Author Topic: Ruptured Brake Line  (Read 485 times)

smallengineshop

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Ruptured Brake Line
« on: February 14, 2021, 06:53:12 PM »
Most brake lines on a car are made of metal, bent and formed in such a way to fit the contours of the cars body/frame and help connect the brake master cylinder to each brake caliper. However, the brake line must be made of a flexible material at certain points to allow movement of the wheels whether it's up and down for suspension or rotation for turning. Take a look at the brake line in the photo. This brake line is made of a flexible rubber/nylon like material and is an original Ford part from a Ford car manufactured in 2001, and connects the metal brake line to the front right brake caliper. This brake line ruptured after 20 years or use.

The rupture occurred at point B in the photo. Point A and C are where the brake line attaches to brake line support brackets on the car. The end of the brake line closest to point A is where the metal brake line connects. Point E is where the brake line connects to the brake caliper. When I removed this brake line I cut the line at point D and B not knowing at the time I was going to need a photograph of this line. Before I cut the line it was holding together at point B by a few threads because of the rupture.

Rubber gets hard and brittle over time and will eventually fail. Its why tire manufacturers recommend replacing your car tires after 5 or 6 years after the manufacture date regardless of the amount of tread left. The property of rubber changes over time and effects the performance of the part. This is why this brake line failed. It got hard and brittle after 20 years of use and ruptured.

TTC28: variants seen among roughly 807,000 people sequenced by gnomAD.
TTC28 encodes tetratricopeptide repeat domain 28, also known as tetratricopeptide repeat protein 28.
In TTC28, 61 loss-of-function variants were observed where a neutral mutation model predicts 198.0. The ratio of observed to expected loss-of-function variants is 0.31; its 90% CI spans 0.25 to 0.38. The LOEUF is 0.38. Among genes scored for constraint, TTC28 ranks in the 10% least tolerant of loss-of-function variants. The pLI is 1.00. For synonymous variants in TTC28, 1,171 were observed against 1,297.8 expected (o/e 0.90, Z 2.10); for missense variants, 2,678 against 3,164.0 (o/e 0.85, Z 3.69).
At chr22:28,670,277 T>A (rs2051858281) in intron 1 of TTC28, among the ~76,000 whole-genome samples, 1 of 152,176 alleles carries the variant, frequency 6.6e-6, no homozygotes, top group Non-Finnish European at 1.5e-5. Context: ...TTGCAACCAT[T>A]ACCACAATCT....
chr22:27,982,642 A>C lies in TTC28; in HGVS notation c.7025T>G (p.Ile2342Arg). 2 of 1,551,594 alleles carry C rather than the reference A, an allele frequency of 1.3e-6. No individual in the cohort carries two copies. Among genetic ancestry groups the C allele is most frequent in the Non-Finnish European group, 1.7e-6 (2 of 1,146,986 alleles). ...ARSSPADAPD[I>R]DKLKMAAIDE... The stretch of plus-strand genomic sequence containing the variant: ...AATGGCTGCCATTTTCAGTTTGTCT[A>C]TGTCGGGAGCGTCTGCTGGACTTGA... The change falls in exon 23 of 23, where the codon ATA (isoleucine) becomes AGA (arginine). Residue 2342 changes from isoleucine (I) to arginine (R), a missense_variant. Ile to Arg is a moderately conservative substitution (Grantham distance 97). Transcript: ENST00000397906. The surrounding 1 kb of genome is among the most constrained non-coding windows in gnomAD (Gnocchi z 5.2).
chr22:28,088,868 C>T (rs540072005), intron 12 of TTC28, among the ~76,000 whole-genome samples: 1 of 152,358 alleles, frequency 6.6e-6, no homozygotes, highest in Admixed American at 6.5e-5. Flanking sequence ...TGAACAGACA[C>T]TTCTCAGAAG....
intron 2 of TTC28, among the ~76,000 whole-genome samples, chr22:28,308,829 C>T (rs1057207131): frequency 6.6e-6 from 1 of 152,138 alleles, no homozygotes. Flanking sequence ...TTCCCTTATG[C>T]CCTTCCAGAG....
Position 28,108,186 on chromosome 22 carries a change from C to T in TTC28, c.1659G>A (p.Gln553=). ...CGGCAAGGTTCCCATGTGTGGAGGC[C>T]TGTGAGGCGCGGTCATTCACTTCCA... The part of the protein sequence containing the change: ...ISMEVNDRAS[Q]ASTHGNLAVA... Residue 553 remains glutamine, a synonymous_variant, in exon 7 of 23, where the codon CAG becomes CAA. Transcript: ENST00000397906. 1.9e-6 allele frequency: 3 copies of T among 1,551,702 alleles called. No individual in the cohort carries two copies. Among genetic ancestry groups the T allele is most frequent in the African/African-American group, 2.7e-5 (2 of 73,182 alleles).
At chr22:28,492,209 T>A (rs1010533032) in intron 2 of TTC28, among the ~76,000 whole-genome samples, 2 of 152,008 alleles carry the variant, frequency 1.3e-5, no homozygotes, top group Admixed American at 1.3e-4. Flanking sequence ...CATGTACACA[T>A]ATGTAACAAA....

When this brake line failed the brake system lost hydraulic pressure and the brake pedal dropped to the floor when applying the brakes. Braking performance was greatly reduced to the point of being a very dangerous situation. Brake fluid shot out of the ruptured brake line and went all over the front right wheel well. If you keep applying the brakes in this situation eventually the master cylinder brake reservoir will empty of all brake fluid.

If you find yourself in this situation try not to panic. I think most parking brakes on most cars on the road today are cable operated and can be used to help stop your car. Also, engine braking can help slow your car down. Engine braking is when you down shift and allow the engine to slow the car. If you ever apply the brakes and it feels like the brake pedal is dropping farther than normal, immediately pull off the road and stop the car and inspect your brake system. The best thing you can do is regularly inspect your brake lines and prevent this type of problem from ever occurring.

Click on image to enlarge
« Last Edit: February 14, 2021, 06:58:19 PM by adminjoe »
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